Edwin P. Wilson
|This article needs additional citations for verification. (October 2012)|
|Edwin P. Wilson|
|Birth name||Edwin Paul Wilson|
May 3, 1928|
|Died||September 10, 2012
|Allegiance||United States of America|
|Service/branch||United States Marine Corps (USMC)|
|Years of service||1953-1956|
|Other work||For the Central Intelligence Agency|
Edwin Paul Wilson (May 3, 1928 - September 10, 2012) was a former CIA and US Naval Intelligence officer who was convicted in 1983 of illegally selling weapons to Libya. It was later found that the United States Department of Justice and the CIA had covered up evidence in the case. Wilson's convictions were overturned in 2003 and he was freed the following year.
Edwin P. Wilson was born to a poor farming family in Nampa, Idaho in 1928. Six foot five inches tall, charming, rugged and a consummate networker, he first worked as a merchant seaman. In 1953, Wilson earned a psychology degree from the University of Portland. That same year, Wilson joined the Marines and fought in the last days of the Korean War. He was said to have been impressive during his military service and, when he was discharged in 1956 for a knee injury, went to work for the Central Intelligence Agency.
Wilson's first assignments were for the Office of Security. This included a stint in 1956 guarding U-2 spy planes in Turkey. In 1960, the Agency sent him to Cornell University for graduate studies in Labor Relations. He put this and his knowledge of psychology to use in the Agency's International Organizations Division (IOD) tackling communism in trade unions around the world. Wilson was involved in attempts to destabilise European labour unions, for example, by using methods as diverse as involving Corsican mobsters and using plagues of cockroaches.
However, Wilson's most valuable time for the CIA was in Special Operations Division (SOD) setting up front companies like Maritime Consulting Associates (1964) and Consultants International (1965) which were used to covertly ship supplies around the world. For example, cargoes included disassembled boats sent to central Africa where they were welded together on the shores of Lake Tanganyika and used to intercept Soviet arms being ferried across the lake to rebels in the Congo; arms to Angola; crowd-control gear to Chile, Brazil and Venezuela; all kinds of equipment for intelligence-gathering facilities in Iran; supplies for a group of dissident army officers planning a coup in Indonesia; and barges sent to Vietnam. As director of these firms, which were conducted as legitimate businesses, Wilson began to amass a lot of money but as a contractor not an employee. He invested in property around the world. In 1971, after 15 years with the CIA, events that have been disputed ended Wilson's official career there. He nevertheless received a year's pay and acquired ownership of some of his front companies.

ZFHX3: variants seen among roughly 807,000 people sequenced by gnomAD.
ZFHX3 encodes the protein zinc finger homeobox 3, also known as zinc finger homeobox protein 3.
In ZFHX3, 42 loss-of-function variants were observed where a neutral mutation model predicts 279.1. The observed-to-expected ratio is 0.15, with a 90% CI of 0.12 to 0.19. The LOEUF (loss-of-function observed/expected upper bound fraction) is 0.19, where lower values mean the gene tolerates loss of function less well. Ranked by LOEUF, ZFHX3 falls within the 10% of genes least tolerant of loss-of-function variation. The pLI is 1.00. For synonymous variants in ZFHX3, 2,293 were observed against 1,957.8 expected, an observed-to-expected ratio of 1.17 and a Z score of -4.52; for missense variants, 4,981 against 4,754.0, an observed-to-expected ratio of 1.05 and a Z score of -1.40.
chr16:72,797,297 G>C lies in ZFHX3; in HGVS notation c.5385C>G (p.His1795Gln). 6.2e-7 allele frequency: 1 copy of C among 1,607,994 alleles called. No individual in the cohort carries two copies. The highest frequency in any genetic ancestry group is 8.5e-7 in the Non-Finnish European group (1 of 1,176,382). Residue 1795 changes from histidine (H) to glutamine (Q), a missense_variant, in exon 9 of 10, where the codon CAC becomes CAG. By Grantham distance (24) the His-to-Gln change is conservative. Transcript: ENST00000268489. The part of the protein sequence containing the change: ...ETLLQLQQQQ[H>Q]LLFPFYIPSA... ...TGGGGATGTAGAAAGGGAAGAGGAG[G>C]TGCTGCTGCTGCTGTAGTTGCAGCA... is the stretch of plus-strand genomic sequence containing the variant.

In 1971, with the CIA's knowledge and approval, Wilson moved to the Office of Naval Intelligence (ONI) where he worked full-time for a secret intelligence unit called the Naval Field Operations Support Group (NFOSG) or Task Force 157. Between its inception in 1966 and termination in 1977, the focus was on acquiring intelligence on Soviet naval activity. However the unit's remit was wider and later described as “the U.S. military's only network of undercover agents and spies operating abroad using commercial and business 'cover' for their espionage." At this time, Wilson set up another front company World Marine, Inc. to assist with his logistics work. Wilson then retired from the ONI in 1976 after events that have been disputed. After a change in commanders, Wilson reportedly appealed to Admiral Bobby Inman, the Director of Naval Intelligence, offering his influence in Congress to the ONI's budget troubles if he Wilson could be made chief of Task Force 157. Allegedly outraged, Inman shut down Task Force 157 altogether and reported Wilson to the FBI. However, other calculations may have been in play.
Wilson continued to run the businesses he had built under the guidance of the CIA, the largest of which was Consultants International. He reportedly amassed a fortune of over 20 million dollars through these businesses, and continued to offer covert shipping services at the request of the CIA after his official retirement.
Arms for Libya controversy